David M. Shribman - Bloomberg
“It has fallen to Allen Barra, one of the most erudite sportswriters in America...to tell the Yogi story in all its glory and nuance. In Yogi Berra: Eternal Yankee, he walks the reader through contract squabbles, spring training, confrontations with the Red Sox, World Series victories and the sportswriters’ exaggerations that created the Yogi myth.”
Publishers Weekly

In the introduction to his latest effort, Barra (The Last Coach: A Life of Paul "Bear" Bryant ) says that one of his goals was to create the first comprehensive work written about Yogi Berra, the greatest ballplayer never to have had a serious biography. The result is not only comprehensive but also incredibly engaging, as Barra narrates the life of one of the most eccentric ballplayers of the 20th century. Starting with his modest Italian upbringing in St. Louis, Mo., Berra quickly took a liking to what his father called a bum's game. And after a short career in the navy, he parlayed his talents into one of the most decorated athletic careers in history, leading the New York Yankees to 10 World Series championships and winning three MVPs. Each of Berra's baseball highlights is meticulously described, as are his stints as a manager for both the Yankees and crosstown Mets, his relationships with men like Casey Stengel, Mickey Mantle and George Steinbrenner, and his ability to create some of the most famous catchphrases of our time, Yogiisms, as they're called. Barra's love of the catcher with the similar name is evident throughout this deserving biography of Yogi. (Mar.)

Copyright © Reed Business Information, a division of Reed Elsevier Inc. All rights reserved.
Library Journal

An accomplished sports biographer gives us one of the best recitations of an athlete's life and times since Paul J. Zingg's 1993 study of early baseball great Harry Hooper. Barra shows Yogi Berra as a signal example of immigrant success, an emblem of faith, family, and the rewards of determination. One of the best baseball books of the year, for all baseball fans, not just the ones who love pinstripes. For all public libraries. [See Prepub Alert, LJ 11/1/08.]

—Margaret Heilbrun, Gilles Renaud
Kirkus Reviews
A full-scale biography of the most quoted and, possibly, the most underrated player in baseball history. From the 1950s cartoon that ripped off his name to the Aflac commercials of recent years, Lawrence Peter "Yogi" Berra has had an identity and impact outside the game greater than all but Ruth, Robinson and Gehrig. A Depression-era child of Italian immigrants, Berra grew up (along with Joe Garagiola, who as a player and broadcaster would do much to burnish Berra's folk-hero status) on "Dago Hill" in St. Louis with a strong set of values and a surprising certainty about his talent and worth as a player. His New York baseball career began in earnest after the war, and he quickly developed a reputation as a notorious bad-ball hitter and, eventually, a shrewd handler of pitchers. He only occasionally joined his hard-living Yankee teammates-Ford, Mantle, Martin-at Toots Shor's joint or the Copacabana, preferring instead to go to the movies or attend to a growing list of product endorsements. While there are plenty of stories here to prove that Berra's popular image is rooted in fact, Barra (The Last Coach: A Life of Paul "Bear" Bryant, 2005, etc.) reminds us how truly great a player Berra was-three-time American League MVP and ten-time World Series champion-and how smart a baseball man came disguised in his unlikely body. After his playing career, Berra coached and managed pennant-winning teams in each league. The play about him insists that Nobody Don't Like Yogi, and while that's not quite true-ask Willie Mays, Cleon Jones or Tom Seaver-for more than 60 years Berra has been a vital part of the game and a pop-culture icon. Now the worthy subject receives a serious biography that dignifieshis baseball accomplishments and still manages to make us smile. A superior sports book bound to interest more than just die-hard fans, ranking with classics like Robert Creamer's Babe: The Legend Comes to Life (1974) and Richard Ben Cramer's Joe DiMaggio: The Hero's Life (2000). Author tour to New York, Washington, D.C., Birmingham, Ala., St. Louis, Los Angeles, Montclair, N.J.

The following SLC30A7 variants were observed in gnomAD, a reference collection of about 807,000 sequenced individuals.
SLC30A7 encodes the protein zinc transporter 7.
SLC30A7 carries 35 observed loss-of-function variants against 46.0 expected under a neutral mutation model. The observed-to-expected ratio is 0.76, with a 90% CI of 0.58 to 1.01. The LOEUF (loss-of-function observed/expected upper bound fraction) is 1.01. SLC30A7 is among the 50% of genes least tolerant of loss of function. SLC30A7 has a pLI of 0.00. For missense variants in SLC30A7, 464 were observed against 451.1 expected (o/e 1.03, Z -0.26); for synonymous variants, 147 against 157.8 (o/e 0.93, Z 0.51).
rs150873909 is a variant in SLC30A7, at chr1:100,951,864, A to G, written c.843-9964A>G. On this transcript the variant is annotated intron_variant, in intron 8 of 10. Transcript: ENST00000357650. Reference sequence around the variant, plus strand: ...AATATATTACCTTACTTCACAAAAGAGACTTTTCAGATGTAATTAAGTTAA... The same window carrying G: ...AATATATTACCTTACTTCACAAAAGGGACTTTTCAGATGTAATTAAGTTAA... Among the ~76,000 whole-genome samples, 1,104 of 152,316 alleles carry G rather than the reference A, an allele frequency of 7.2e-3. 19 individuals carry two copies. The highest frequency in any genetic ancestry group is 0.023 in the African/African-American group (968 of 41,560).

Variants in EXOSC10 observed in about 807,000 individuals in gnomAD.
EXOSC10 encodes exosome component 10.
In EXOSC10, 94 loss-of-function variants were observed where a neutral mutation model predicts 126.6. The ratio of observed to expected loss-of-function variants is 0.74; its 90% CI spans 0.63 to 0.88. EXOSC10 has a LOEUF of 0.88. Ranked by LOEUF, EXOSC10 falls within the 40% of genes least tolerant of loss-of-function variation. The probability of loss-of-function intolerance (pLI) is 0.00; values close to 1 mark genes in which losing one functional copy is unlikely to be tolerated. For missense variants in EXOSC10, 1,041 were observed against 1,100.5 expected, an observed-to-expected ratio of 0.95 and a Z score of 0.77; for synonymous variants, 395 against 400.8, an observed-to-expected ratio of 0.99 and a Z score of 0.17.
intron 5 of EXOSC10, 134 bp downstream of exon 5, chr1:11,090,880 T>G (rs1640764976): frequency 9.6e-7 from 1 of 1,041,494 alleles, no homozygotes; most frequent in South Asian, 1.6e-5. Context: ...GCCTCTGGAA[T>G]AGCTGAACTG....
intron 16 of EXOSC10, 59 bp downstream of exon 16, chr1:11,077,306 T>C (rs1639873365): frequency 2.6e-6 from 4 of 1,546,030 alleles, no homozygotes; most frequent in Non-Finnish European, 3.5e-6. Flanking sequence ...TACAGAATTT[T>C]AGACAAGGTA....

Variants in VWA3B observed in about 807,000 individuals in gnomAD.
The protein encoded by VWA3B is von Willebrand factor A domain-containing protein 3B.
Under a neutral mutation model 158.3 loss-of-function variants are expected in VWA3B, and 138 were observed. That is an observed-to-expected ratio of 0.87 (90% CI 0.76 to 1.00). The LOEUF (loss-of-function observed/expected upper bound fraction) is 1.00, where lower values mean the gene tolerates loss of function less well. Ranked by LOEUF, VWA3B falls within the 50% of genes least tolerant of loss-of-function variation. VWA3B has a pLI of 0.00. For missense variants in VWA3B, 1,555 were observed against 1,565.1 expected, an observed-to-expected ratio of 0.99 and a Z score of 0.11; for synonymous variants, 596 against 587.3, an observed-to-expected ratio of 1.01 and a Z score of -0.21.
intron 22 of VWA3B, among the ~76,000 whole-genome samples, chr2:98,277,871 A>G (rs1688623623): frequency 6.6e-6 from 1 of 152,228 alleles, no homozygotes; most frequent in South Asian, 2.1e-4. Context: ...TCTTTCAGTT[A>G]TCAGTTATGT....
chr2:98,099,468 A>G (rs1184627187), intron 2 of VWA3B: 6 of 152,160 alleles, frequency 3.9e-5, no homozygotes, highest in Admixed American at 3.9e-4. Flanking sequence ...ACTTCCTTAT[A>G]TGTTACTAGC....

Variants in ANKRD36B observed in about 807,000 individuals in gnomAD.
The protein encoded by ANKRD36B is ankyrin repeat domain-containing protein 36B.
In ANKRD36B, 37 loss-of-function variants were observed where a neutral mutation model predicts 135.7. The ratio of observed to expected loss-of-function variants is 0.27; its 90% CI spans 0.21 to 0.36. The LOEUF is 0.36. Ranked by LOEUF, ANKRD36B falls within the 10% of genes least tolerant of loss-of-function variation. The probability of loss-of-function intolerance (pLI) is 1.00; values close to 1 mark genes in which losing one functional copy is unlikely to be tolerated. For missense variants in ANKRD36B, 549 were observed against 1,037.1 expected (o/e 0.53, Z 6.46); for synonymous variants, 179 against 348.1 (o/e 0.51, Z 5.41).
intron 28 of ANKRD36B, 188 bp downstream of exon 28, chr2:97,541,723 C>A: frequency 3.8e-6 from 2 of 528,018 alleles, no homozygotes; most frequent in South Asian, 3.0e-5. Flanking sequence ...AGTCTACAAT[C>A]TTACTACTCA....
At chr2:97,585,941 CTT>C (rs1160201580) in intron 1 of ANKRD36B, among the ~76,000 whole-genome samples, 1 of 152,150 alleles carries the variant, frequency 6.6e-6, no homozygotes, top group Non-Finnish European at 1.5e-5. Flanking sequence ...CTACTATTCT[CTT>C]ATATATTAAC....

From the Publisher
"A competent and comprehensive job, with enough stories and statistics to satisfy the most fervent fan." —The Washington Post
Jim Bouton
“Allen Barra’s real Yogi Berra is even more interesting than the legendary one.”
David Maraniss